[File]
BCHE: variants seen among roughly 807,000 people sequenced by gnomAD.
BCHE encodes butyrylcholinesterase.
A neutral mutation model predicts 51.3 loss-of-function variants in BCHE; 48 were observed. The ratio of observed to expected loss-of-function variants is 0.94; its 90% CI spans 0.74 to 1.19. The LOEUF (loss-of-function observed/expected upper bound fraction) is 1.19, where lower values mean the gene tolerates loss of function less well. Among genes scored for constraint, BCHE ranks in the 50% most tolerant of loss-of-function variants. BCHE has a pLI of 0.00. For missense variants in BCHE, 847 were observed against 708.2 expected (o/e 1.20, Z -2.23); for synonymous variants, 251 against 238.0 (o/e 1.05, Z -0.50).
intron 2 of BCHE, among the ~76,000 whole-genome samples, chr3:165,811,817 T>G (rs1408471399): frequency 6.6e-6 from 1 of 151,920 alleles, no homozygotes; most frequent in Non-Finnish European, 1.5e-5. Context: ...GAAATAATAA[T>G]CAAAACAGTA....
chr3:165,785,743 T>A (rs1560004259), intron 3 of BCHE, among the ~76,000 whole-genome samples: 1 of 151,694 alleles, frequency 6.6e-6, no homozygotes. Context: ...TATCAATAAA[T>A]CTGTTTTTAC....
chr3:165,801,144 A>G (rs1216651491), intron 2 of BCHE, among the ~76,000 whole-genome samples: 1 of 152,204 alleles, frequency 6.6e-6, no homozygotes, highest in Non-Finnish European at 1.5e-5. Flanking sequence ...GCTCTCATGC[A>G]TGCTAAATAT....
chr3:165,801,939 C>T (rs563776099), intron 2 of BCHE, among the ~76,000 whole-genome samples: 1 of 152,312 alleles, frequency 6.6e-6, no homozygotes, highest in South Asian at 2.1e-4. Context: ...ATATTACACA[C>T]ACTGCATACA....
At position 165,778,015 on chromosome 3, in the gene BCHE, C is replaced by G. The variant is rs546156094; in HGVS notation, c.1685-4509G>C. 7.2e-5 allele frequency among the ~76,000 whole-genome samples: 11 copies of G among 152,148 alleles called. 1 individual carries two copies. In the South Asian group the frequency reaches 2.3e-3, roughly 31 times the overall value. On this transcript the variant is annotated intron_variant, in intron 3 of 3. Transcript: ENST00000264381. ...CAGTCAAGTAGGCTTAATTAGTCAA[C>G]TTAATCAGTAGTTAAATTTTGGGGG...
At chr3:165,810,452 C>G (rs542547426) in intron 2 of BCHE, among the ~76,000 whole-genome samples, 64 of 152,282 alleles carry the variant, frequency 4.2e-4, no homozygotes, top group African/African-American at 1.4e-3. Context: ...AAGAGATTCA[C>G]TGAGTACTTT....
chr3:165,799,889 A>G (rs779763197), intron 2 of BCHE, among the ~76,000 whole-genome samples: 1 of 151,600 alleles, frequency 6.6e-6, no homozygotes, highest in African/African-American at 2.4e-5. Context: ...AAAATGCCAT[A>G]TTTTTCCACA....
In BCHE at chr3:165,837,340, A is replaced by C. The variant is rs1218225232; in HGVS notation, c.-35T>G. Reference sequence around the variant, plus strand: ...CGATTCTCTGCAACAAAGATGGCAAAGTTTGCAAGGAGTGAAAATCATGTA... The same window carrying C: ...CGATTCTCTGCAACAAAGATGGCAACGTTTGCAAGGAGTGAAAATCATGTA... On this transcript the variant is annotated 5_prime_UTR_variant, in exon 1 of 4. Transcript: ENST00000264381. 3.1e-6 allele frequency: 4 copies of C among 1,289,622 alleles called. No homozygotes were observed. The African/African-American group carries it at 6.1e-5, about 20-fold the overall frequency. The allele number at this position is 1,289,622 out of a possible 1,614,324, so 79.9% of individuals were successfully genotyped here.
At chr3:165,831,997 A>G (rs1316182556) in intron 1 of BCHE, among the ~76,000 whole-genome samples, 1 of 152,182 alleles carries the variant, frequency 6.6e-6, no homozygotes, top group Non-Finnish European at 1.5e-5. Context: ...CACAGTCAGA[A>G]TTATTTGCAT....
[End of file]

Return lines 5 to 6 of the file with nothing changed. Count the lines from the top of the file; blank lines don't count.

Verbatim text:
chr3:165,785,743 T>A (rs1560004259), intron 3 of BCHE, among the ~76,000 whole-genome samples: 1 of 151,694 alleles, frequency 6.6e-6, no homozygotes. Context: ...TATCAATAAA[T>A]CTGTTTTTAC....
chr3:165,801,144 A>G (rs1216651491), intron 2 of BCHE, among the ~76,000 whole-genome samples: 1 of 152,204 alleles, frequency 6.6e-6, no homozygotes, highest in Non-Finnish European at 1.5e-5. Flanking sequence ...GCTCTCATGC[A>G]TGCTAAATAT....